“This Research Paper first provides information by country on the intelligence communities, key mechanisms for oversight of the intelligence community and any recent changes to, or reviews of, the oversight frameworks in Australia, Canada, New Zealand and the UK. This is followed by comparative analysis that highlights some of the similarities and differences between those countries (and the US) in the arrangements that exist for intelligence oversight.”
Source: Barker, C. & Petrie, C. (2017). Australian Parliamentary Library Research Paper and available from this link (open access).
Collins Beach, Manly
“The article describes the police intelligence division-of-labour paying specific attention to four different aspects of intelligence activity: the acquisition of intelligence or information; the analysis of information in the production of intelligence; tasking and co-ordination on the basis of intelligence ‘product’; or being tasked on that same basis.”
Source: Sheptycki, J. (2017). Policing and Society, and available from this link (open access).
“The 2017 Independent Intelligence Review found that Australia’s intelligence agencies are highly capable and held in high regard by their international partner agencies. The Review also found that as a result of transforming geopolitical, economic, societal and technological changes, the intelligence community will be faced with challenges that will intensify over the coming decade.”
Source: L’Estrange, M. & Merchant, S. (2017). Dept of Prime Minister and Cabinet and available from this link (open access).
Manly Beach seagulls/Flickr
“This special report argues that Australia’s current arrangements for gathering and disseminating CrimInt overseas are suboptimal. While additional resources are needed to address this condition, there’s also a need to streamline priority setting and associated collection requirements, provide ways to evaluate and better coordinate the collection of information and intelligence product, and expand opportunities to improve training in CrimInt.”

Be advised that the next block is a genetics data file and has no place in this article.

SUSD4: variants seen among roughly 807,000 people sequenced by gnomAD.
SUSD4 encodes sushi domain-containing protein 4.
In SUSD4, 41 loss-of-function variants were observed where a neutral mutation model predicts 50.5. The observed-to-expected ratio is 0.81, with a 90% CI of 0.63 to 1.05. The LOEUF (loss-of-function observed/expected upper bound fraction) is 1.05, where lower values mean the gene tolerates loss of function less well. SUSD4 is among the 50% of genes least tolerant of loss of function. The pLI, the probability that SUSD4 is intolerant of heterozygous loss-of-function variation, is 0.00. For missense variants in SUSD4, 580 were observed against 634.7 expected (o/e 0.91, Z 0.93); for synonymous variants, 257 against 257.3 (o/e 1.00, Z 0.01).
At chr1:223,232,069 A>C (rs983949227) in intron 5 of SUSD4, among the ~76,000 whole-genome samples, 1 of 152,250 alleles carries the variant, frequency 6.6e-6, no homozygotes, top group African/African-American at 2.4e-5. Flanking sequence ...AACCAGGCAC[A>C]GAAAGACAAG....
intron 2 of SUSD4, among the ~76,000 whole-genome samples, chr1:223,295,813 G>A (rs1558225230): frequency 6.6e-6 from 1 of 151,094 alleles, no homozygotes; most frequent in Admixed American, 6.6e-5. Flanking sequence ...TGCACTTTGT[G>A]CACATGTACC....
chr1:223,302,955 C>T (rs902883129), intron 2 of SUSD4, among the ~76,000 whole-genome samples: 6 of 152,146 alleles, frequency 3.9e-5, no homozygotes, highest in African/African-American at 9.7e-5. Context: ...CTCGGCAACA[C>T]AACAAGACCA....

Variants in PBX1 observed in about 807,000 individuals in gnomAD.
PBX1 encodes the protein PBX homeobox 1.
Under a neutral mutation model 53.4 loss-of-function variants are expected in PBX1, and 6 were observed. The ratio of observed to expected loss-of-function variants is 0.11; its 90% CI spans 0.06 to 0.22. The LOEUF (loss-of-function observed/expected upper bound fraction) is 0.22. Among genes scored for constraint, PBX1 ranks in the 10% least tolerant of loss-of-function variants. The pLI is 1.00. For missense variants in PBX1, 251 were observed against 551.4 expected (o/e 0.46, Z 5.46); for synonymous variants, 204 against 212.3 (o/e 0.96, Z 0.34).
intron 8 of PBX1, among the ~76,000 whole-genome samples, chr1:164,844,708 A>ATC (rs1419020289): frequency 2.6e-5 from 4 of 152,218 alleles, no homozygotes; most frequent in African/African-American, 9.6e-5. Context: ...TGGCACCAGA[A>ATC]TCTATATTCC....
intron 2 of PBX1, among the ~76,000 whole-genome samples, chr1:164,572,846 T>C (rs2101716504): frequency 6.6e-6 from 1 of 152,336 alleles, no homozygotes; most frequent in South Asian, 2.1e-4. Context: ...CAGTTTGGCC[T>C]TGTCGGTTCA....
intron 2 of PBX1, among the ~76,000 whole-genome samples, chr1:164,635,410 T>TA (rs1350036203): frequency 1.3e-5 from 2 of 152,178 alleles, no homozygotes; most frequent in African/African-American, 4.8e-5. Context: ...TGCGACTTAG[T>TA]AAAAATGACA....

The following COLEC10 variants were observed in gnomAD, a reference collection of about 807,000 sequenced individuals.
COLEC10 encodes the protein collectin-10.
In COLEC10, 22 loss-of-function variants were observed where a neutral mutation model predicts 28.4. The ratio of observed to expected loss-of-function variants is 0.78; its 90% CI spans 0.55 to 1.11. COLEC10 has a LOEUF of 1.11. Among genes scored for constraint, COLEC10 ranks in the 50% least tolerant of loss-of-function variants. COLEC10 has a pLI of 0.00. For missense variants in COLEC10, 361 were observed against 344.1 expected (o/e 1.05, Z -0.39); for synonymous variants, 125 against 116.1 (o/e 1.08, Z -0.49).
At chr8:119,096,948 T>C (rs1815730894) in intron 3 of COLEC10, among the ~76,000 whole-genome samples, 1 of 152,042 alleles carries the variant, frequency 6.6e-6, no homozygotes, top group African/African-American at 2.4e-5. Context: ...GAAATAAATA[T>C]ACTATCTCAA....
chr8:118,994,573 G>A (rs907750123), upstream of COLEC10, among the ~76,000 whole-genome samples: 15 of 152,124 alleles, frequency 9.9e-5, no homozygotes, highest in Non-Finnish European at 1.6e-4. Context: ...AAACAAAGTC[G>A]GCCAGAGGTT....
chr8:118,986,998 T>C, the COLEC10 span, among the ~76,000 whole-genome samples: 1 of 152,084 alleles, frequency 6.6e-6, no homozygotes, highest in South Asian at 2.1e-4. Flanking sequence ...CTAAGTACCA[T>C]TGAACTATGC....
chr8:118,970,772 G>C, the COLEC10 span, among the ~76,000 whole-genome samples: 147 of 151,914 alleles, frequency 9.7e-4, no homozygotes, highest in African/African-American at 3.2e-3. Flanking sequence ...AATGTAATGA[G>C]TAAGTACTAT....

Source: Kowalick, P. & Connery, D. (2016). ASPI Special Report and available from this link.
Tree tails/M. Hardy
Two changes in competitive intelligence are investigated in this paper: 1) the failure of the competitive intelligence system because of reliance on an outdated understanding of the intelligence cycle and the associated concepts of key intelligence topics (KITs) and key intelligence questions (KIQs); and 2) the growth in the production of competitive intelligence by those who actually use it—the do-it-yourselfers, or DIYers.
McGonagle, J., and Misner-Elias, M. (2016). Salus Journal. 4(1), and available from this link.